In the July of 1977, Bob Marley was diagnosed with malignant melanoma. The ailment was discovered in his toe after he had acquired a lesion while playing football. It has been suggested (rather convincingly) that the spread of the disease could have been halted had the toe been amputated, but Marley turned down the doctors' recommendations of such a procedure, explaining that his Rastafarian beliefs did not allow his body to be "dismantled". As the disease spread through Marley's body and his condition became worse, he sought and received controversial treatment based on holistic principles at a Bavarian clinic. When it became obvious that no more could be done for him at the clinic, Marley left for Jamaica, wanting to spend his last days on his home island. He never made it there, but died at Miami's Cedars of Lebanon Hospital, on 11th of May, 1981. He was thirty-six years old.

Bob Marley & The Wailers performing 'Jamming' (Exodus, 1977) in 1977.

In many ways, Bob Marley's popularity and significance was and is built on the same building blocks as those of other rock stars. He wrote intriguing songs and performed them with great musicians, playing with skill and passion. He delivered his songs to the audiences in countless concerts -- he was an absolutely compelling, a magical live performer. It is also quite easy to see that Marley was a genre-defining artist: while he's by no means the only important reggae artist in the world, he did play a huge part in the development of said genre (and other related styles of music) since the sixties, and especially in making people aware of it. But if you broaden your perspective and really consider the life and influence of Bob Marley, it is clear that he was something significantly more than just a musician.

Bob Marley's influence, in addition to its musical side, has also a sociopolitical aspect to it. His lyrics and his message were rooted in the social issues and conditions of the people of Jamaica, for whose benefit he never ceased to work. And as he began to reach larger audiences, he also spoke on behalf of the black people in general. He was an all-important voice for ideas such as Pan-Africanism and the Rastafari movement. He committed himself to speaking and fighting for who he considered to be his people. He spoke with the voice of that people.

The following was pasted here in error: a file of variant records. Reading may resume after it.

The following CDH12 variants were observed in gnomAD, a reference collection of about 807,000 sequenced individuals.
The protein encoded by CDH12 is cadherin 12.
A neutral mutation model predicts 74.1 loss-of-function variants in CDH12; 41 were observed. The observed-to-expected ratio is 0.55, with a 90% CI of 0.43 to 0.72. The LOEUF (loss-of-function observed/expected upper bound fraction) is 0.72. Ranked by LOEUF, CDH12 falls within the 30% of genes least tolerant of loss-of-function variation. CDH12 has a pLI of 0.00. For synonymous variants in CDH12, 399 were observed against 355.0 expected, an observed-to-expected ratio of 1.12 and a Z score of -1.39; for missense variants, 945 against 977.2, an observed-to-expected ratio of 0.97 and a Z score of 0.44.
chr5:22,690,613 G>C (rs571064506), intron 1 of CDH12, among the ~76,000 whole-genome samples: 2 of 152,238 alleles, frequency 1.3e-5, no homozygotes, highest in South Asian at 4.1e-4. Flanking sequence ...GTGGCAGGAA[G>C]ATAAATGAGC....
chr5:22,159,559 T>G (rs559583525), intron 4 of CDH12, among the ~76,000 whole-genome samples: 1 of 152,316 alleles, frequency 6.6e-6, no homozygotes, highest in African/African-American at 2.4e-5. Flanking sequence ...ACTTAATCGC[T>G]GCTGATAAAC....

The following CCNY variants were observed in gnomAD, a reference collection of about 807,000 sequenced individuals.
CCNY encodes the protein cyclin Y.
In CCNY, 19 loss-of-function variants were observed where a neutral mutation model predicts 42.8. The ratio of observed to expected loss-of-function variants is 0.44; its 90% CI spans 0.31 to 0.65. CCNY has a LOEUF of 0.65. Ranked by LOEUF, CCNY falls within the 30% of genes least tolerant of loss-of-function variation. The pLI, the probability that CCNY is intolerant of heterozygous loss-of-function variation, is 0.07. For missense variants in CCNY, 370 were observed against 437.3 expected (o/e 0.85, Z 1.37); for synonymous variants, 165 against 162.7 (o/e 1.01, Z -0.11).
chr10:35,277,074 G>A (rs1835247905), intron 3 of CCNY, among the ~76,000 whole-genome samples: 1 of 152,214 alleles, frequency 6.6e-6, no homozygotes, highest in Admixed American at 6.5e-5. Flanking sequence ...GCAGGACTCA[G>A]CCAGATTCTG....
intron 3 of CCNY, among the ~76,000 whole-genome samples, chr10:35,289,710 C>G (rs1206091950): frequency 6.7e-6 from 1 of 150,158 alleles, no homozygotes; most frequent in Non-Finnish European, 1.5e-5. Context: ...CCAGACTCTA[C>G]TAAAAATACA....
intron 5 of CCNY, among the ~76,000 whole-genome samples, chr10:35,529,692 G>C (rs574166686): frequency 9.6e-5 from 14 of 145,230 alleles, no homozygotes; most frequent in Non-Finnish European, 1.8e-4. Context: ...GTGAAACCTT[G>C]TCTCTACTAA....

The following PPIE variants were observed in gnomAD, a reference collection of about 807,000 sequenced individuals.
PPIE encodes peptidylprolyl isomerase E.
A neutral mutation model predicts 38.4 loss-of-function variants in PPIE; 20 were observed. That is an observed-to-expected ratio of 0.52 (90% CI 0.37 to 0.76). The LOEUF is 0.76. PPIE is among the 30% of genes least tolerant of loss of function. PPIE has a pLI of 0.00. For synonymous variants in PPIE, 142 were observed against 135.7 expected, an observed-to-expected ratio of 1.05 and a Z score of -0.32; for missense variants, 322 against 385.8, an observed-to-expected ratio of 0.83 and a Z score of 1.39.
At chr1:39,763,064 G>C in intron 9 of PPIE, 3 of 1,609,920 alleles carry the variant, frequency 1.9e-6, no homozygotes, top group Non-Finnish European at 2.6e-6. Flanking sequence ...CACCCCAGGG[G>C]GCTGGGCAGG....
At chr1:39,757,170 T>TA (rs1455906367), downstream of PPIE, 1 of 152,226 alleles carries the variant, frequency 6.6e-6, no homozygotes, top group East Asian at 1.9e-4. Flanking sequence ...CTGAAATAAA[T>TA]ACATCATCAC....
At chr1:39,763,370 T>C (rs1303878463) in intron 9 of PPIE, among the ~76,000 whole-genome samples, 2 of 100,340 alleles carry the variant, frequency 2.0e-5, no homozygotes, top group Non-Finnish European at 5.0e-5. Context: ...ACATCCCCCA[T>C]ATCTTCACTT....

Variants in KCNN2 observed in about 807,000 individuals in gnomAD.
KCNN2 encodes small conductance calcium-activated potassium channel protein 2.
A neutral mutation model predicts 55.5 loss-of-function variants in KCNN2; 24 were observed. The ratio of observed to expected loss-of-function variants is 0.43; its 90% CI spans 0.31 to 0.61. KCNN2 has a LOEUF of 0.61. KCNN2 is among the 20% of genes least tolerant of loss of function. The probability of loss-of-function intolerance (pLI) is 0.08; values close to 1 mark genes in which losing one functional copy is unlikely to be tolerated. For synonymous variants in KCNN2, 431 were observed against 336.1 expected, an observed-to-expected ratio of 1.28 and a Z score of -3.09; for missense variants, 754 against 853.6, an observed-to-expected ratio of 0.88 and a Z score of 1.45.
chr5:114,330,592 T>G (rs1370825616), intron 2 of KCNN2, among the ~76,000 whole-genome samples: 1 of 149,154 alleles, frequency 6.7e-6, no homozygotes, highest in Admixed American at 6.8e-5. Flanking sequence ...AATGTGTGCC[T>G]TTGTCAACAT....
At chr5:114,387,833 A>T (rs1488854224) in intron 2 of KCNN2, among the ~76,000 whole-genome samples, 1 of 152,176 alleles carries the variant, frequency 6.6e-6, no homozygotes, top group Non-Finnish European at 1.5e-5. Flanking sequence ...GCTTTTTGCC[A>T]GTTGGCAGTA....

These days, Marley is often portrayed as a benevolent, smiling advocate for world peace. To some extent, this is of course accurate: Marley often spoke and sang of the need for peaceful co-existence and against strife and oppression. And after all, we're talking of a man who performed in the Smile Jamaica concert of December '76 aimed at stopping the violence between political parties hostile towards each other -- two days after he, his wife and his manager had been wounded by gunfire from unknown assailers supposedly attempting to prevent the concert from taking place! However, I find it disappointing how the more rebellious and even militant side of Marley has been swept under the rug in a sense. I guess it's being done by the music industry in order to harness the sunny side of this legendary artist for the benefit or record sales. There was a more dangerous side to Marley's message, though, particularly during the earlier part of his career. And even if one may not be able to fully relate to that side, that's no reason to pretend it wasn't there, to dilute that part of his legacy. In addition to peacefulness and serenity, Marley also sang of black retribution and Third World uprisings. In my opinion, there's no harm in remembering this.

Bob Marley was a man of conviction. I'm not a big fan of all of his religious or political beliefs -- and some of the ways in which he would mix the two --  but I'm not in the habit of thinking any less of anyone because of their beliefs (as long as those beliefs and any actions based on them haven't caused anyone any harm), particularly anyone coming from as distinctly different cultural background from myself. (And besides, this blog is no place for taking a stand on such issues.) He lived in accordance with what he believed in, with his conviction. Even though it's heartbreaking to think he might have lived longer had he been able to swerve from some of those beliefs, such dedication and determination are admirable.

As I was thinking about a suitably striking way to end this article, one set of words kept cropping up. The words that were reportedly the last words of Bob Marley, spoken to his son Ziggy. Words that are fully in line with what Marley said and sang during his extraordinary life, fully in line with how he led that life.
"Money can't buy life."

Previous Entries:
#6: Dolores O'Riordan
#7: Brian May
#8: Alexi Laiho
#9: Robb Flynn
#10: Lindsey Buckingham

1 comment:

  1. That great this is legendary of reggae music